The Scottish Government has cast aside the concerns of businesses and increased income tax for higher earners.
Finance Secretary Shona Robison confirmed a new 45% band will be introduced for people earning between £75,000 and £125,140 as she unveiled the government's budget for next year.
The top rate of tax, paid by those earning more than £125,000, will also rise from 47% to 48%. And the current threshold for paying the higher band - £43,663 - will be frozen instead of rising by inflation.
Russell Borthwick, chief executive at Aberdeen & Grampian Chamber of Commerce, said: "Business has spoken with one voice calling for serious investment in growing our economy – regrettably that voice has not been heard."
Budget changes at-a-glance
In tax-raising measures described as a triple blow for middle and higher earners, Ms Robison targeted those with “broadest shoulders” as part of moves to plug a £1.5billion hole in finances.
However, her “progressive course” to support public services was criticised by business leaders who said that SNP ministers were increasingly singling out the country’s top talent for tax rises.
Elsewhere in the budget:
- Builders have warned of a supply crisis after the housing budget was slashed by £200million.
- Rail services face being cut by £80million, active travel by £41million and ferries by £5.5million.
- Hospitality bosses reacted furiously as it emerged that a 75% business rates reduction secured in England would not be matched in Scotland.
- The Scottish Fiscal Commission downgraded its forecasts for economic growth for the next five years.
Extra funding will be ploughed into health service and social security benefits, as well as real terms increases in the education and justice budgets. And local authorities will receive £140million in additional funding to help finance a council tax freeze.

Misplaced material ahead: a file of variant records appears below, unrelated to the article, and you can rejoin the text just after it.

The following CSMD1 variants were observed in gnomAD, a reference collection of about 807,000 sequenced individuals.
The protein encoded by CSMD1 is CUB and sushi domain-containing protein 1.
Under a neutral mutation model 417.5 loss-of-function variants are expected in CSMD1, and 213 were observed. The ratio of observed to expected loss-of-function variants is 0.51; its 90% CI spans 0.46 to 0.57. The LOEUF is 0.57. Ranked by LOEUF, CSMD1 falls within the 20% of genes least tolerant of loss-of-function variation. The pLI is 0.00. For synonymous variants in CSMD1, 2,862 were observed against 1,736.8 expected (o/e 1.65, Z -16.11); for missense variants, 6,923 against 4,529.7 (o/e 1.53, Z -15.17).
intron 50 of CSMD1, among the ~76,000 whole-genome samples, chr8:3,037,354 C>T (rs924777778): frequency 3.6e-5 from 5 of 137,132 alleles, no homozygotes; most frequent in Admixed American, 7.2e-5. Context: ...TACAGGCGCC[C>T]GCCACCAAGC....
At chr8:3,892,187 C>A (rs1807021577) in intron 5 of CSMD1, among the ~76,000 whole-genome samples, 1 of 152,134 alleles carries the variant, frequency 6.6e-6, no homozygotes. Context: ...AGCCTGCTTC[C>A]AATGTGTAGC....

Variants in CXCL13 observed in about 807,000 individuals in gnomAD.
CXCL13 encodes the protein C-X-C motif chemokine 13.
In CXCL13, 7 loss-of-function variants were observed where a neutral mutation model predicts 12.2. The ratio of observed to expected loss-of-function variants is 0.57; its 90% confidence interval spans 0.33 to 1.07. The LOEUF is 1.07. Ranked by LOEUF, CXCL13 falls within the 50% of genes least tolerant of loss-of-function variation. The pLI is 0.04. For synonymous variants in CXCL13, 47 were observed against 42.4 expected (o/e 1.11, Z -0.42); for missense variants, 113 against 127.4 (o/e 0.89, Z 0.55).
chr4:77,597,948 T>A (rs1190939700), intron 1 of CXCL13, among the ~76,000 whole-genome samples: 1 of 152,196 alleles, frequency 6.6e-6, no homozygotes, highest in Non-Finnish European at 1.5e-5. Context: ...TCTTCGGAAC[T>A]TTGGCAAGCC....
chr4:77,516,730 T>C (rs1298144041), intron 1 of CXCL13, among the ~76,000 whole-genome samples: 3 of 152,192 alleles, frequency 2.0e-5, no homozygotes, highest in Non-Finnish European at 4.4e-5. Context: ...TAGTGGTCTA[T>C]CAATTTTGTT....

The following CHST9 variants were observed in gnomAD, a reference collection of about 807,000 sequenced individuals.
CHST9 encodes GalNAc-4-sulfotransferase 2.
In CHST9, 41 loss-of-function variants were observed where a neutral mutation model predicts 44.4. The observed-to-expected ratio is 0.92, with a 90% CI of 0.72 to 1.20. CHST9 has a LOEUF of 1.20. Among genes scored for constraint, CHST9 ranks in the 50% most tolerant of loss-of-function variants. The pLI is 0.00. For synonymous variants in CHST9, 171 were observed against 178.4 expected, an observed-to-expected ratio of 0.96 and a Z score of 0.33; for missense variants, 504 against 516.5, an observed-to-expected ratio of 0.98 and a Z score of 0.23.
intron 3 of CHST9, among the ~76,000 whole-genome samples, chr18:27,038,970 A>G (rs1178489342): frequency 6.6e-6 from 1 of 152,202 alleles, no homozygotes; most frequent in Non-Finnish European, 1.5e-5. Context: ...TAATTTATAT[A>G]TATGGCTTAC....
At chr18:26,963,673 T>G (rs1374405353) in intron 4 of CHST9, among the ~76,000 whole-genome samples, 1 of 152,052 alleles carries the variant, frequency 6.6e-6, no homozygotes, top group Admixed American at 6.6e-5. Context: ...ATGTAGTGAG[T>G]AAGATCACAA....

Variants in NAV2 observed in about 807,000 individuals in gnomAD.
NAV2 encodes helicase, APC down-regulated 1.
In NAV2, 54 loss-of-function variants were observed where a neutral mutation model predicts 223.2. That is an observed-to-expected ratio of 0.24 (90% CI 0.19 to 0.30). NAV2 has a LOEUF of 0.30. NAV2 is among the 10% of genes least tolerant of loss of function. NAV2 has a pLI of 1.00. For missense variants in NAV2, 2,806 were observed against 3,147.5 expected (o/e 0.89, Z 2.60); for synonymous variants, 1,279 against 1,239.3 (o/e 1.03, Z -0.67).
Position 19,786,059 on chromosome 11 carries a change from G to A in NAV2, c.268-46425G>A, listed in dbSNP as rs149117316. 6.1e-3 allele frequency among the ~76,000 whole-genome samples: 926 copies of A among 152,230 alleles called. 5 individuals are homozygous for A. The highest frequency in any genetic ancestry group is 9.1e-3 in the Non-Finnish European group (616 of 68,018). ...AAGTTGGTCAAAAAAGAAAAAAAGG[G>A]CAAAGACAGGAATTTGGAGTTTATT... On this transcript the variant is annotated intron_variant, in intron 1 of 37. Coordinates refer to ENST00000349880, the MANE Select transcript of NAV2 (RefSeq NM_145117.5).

Ms Robison said said Holyrood’s block grant funding, derived from UK Government spending decisions, had fallen by 1.2% in real terms since 2022-23.
“Devolution has brought many benefits, but it has also exposed quite how beholden we are to the decisions of Westminster,” she told MSPs.
“We are fighting Westminster austerity with one hand tied behind our back.”
In a letter to the government last week, the Chamber laid out four ‘asks’ ahead of the budget, under four key business themes.
Responding to the budget yesterday, Mr Borthwick said: “We asked for government to create a prosperous business environment – they have responded with a tax grab which will drive talent away.
“We asked for government to double the Just Transition Fund to help grow our tax base and invest in the energy transition – they have responded by cutting annual spending on the fund by 76% from next year.
“We accept that funding is tight – but aspiration costs nothing, which is why this budget will excite very few in Scotland’s business community.”
On City and town centre regeneration, Mr Borthwick said : “While welcoming the funded freeze on business rates poundage, the hospitality sector businesses involved in breathing life back into Aberdeen city centre and the other high streets across our region remain disadvantaged against their English counterparts.
On Creating a prosperous business environment, Mr Borthwick said: “Along with eight other business organisations, we urged the Scottish Government not to impose income tax hikes, which would give the wrong impression at a time when we need to bolster our declining skilled workforce.
“Unfortunately, they’ve gone ahead regardless and introduced a new tax band which sends all the wrong signals and will impact recruitment and retention of the people we need to drive Scotland’s economy. The differential is now very significant indeed.
On supporting a just energy transition, Mr Borthwick said: “The challenge of the energy transition has been exacerbated by the Scottish Government’s needless presumption against oil and gas, which is why we want to see the Just Transition Fund doubled to deliver £1billion of investment over 10 years.
“Instead, annual spending on the fund is reducing to just £12.2million from next year. There is money in here for supporting the offshore wind supply chain, but a real question mark over whether the scale of the funding is enough to make a meaningful difference.”